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Restaurant Brands International Inc. (TSX:QSR) Beats Q4 Expectations: Is the Stock a Buy?

Restaurant Brands International (TSX:QSR)(NYSE:QSR) released its fourth-quarter earnings on Monday, which came in a bit better than expected. Adjusted per-share earnings of $0.68 came in slightly above the $0.67 that analysts were projecting for the quarter.

Let’s take a closer look at the results to assess whether or not things have improved for Restaurant Brands and whether it is a good buy today.

Sales growth

The big challenge for the company has always been in achieving strong growth among all of its restaurants. Here’s how it did in terms of system-wide growth, which includes all restaurant sales:

Chain 2018 2017 Change
Tim Hortons 2.4% 2.4%
Burger King 8.4% 12.3% (3.9%)
Popeyes 6.3% 6.8% (0.5%)
Consolidated 6.8% 9.3% (2.5%)

Surprisingly, Tim Hortons, which has struggled the most in terms of growth, actually didn’t see its overall sales numbers drop this quarter. Instead, it was Burger King that saw the biggest decline overall, with Popeyes showing a minor drop. For the full year, the company’s total system-wide growth came in at 7.4%, which was still below last year’s tally of 7.9%. However, in a saturated industry, it’s going to be a continuous challenge to grow, especially at an increasing rate.

What’s of key importance is same-store sales growth, since that takes out the impact of new store sales and allows us to focus on just those that were operating a year ago. Here’s a look at how those growth numbers looked for this past quarter:

Chain 2018 2017 Change
Tim Hortons 1.9% 0.1% +1.8%
Burger King 1.7% 4.6% (-2.9%)
Popeyes 0.1% (-1.3%) +1.4%

The good news for Restaurant Brands is that Tim Hortons saw the biggest improvement this quarter and achieved nearly 2% same-store sales growth, which is much better than what we saw last quarter. Burger King, surprisingly, saw its growth fall to just 1.7%, while Popeyes squeaked out a 0.1% improvement.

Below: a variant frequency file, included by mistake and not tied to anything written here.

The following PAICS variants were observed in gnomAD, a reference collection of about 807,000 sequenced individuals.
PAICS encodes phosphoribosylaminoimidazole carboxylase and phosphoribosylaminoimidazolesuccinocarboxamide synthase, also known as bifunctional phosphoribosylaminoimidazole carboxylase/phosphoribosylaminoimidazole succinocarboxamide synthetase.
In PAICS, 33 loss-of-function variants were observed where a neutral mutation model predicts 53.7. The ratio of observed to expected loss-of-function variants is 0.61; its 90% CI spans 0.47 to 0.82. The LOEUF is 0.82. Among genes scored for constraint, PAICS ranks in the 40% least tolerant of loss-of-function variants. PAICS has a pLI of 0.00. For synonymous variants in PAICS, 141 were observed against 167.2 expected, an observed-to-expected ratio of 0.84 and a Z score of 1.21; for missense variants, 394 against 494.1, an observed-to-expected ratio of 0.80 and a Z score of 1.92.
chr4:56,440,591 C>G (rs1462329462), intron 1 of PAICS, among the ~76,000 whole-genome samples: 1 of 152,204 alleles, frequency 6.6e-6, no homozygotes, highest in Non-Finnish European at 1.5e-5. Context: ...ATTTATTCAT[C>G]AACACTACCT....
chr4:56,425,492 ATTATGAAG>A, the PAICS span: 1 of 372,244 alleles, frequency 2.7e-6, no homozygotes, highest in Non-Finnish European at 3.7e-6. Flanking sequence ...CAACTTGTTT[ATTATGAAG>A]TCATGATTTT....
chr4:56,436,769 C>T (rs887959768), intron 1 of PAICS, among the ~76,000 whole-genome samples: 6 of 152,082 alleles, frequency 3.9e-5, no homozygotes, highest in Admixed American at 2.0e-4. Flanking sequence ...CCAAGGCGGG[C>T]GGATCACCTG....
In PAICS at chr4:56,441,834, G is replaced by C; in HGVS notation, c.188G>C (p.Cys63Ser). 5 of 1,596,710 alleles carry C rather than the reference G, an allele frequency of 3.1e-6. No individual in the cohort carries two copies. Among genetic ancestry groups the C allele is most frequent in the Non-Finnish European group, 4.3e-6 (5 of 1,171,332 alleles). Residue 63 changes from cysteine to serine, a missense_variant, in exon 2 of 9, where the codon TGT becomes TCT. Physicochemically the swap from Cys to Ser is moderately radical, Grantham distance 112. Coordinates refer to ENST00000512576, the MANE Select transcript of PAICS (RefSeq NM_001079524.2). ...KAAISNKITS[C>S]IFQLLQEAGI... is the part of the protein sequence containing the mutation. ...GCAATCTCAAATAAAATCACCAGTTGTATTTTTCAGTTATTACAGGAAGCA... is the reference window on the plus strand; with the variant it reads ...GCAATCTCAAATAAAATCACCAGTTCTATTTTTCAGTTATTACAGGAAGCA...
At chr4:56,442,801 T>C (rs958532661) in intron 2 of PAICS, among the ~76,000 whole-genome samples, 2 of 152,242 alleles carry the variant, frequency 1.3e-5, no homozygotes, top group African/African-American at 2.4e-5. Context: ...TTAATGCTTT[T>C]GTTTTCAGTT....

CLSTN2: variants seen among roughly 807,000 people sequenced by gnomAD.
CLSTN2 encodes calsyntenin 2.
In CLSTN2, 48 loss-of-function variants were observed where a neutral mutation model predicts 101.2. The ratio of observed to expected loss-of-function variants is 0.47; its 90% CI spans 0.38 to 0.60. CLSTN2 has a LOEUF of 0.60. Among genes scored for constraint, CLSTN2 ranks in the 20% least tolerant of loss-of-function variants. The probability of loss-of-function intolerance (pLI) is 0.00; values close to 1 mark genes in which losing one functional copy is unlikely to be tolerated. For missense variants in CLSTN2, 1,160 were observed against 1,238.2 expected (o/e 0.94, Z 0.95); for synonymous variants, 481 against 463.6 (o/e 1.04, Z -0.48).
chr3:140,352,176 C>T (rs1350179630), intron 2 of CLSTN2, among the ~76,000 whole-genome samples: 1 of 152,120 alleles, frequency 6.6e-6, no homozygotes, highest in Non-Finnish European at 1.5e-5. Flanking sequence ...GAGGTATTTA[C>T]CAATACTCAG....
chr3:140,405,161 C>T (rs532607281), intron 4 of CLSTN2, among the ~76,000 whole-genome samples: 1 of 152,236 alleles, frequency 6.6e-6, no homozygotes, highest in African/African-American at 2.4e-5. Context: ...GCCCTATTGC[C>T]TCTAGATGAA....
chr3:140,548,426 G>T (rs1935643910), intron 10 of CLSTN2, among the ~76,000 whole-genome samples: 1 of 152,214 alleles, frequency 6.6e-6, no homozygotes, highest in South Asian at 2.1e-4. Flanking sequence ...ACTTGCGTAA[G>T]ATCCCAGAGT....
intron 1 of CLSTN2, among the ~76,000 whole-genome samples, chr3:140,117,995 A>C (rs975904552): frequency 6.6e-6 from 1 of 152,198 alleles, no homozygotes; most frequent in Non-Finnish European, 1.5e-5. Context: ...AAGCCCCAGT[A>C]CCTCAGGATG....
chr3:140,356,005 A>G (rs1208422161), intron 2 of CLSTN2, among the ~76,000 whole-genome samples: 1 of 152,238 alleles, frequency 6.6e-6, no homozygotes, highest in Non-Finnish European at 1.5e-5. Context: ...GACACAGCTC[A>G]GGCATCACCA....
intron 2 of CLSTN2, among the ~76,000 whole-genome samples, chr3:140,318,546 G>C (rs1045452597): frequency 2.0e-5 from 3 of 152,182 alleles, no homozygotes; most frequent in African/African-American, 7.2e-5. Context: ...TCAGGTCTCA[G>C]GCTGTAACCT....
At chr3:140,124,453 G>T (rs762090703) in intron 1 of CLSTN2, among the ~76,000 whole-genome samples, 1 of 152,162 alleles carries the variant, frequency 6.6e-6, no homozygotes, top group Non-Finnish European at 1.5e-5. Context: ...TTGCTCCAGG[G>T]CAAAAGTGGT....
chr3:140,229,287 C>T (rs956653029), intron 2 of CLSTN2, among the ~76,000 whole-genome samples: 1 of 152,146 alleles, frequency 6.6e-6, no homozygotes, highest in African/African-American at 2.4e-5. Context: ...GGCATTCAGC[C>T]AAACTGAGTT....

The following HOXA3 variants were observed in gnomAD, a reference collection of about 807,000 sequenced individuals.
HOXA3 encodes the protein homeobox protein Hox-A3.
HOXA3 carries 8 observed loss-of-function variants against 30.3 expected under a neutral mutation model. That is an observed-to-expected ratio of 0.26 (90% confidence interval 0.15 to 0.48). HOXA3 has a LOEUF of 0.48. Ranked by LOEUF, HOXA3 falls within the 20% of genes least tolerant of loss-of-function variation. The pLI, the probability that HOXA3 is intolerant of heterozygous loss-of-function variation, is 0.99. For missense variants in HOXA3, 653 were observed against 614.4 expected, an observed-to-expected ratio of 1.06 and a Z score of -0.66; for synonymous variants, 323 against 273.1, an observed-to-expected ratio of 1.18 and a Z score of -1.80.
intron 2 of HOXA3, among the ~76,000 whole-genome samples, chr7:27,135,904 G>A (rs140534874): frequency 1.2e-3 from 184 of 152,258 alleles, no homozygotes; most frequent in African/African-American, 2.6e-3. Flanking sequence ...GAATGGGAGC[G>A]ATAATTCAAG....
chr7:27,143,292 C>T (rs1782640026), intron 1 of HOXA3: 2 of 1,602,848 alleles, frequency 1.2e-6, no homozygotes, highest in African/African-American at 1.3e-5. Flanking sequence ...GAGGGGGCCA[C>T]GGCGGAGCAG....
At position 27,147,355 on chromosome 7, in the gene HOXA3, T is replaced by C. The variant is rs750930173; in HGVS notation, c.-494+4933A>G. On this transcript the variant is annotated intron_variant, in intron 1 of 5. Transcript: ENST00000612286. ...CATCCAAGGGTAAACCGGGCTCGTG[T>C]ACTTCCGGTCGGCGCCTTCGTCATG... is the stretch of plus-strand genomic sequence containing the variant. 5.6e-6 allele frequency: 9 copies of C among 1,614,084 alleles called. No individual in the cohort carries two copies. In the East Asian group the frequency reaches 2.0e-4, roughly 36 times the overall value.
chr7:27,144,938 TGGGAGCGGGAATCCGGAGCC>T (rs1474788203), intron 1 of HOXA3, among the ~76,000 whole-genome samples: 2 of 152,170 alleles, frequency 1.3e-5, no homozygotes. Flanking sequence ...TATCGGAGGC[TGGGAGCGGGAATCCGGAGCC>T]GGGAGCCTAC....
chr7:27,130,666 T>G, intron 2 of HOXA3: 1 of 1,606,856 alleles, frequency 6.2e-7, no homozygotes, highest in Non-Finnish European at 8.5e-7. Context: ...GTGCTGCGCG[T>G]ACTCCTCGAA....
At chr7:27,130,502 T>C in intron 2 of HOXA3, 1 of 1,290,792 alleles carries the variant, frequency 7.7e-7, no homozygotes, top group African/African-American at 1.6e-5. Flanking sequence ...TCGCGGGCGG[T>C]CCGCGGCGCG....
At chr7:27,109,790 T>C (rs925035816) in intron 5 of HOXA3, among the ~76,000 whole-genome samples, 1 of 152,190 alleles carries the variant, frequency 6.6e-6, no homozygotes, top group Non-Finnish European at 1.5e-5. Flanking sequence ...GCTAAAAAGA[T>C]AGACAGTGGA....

Overall look at the financials

Compared to 2017’s results using the same accounting standards that were in place then, overall revenues for the quarter were down by 2%. However, the company was able to reduce its overall operating expenses by 8%, leading to an overall improvement in its operating income. And if not for a tax benefit in 2017, this year’s bottom line would have come in higher.

Do these results make Restaurant Brands a buy?

The earnings results released by Restaurant Brands are definitely positive, especially given that the efforts put behind Tim Hortons have already produced some good results. And it’s always good to see when operating expenses come down. However, it’s hard to get excited with same-store growth numbers that are less than 2%.

Given the relatively high multiples to book value and earnings that Restaurant Brands stock trades at, these results don’t justify a big bump up in price for me. There’s not a lot of room for error for Restaurant Brands here, and unless it can rebuild the struggling Tim Hortons image, specifically in Canada, then it would difficult to see it as a good investment today.

The stock has been up 17% in the past year, and it’s now near its 52-week high. While I don’t see much more in the way of capital appreciation in its future, it could be a good option for dividend investors.

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Fool contributor David Jagielski has no position in any of the stocks mentioned. The Motley Fool owns shares of RESTAURANT BRANDS INTERNATIONAL INC.

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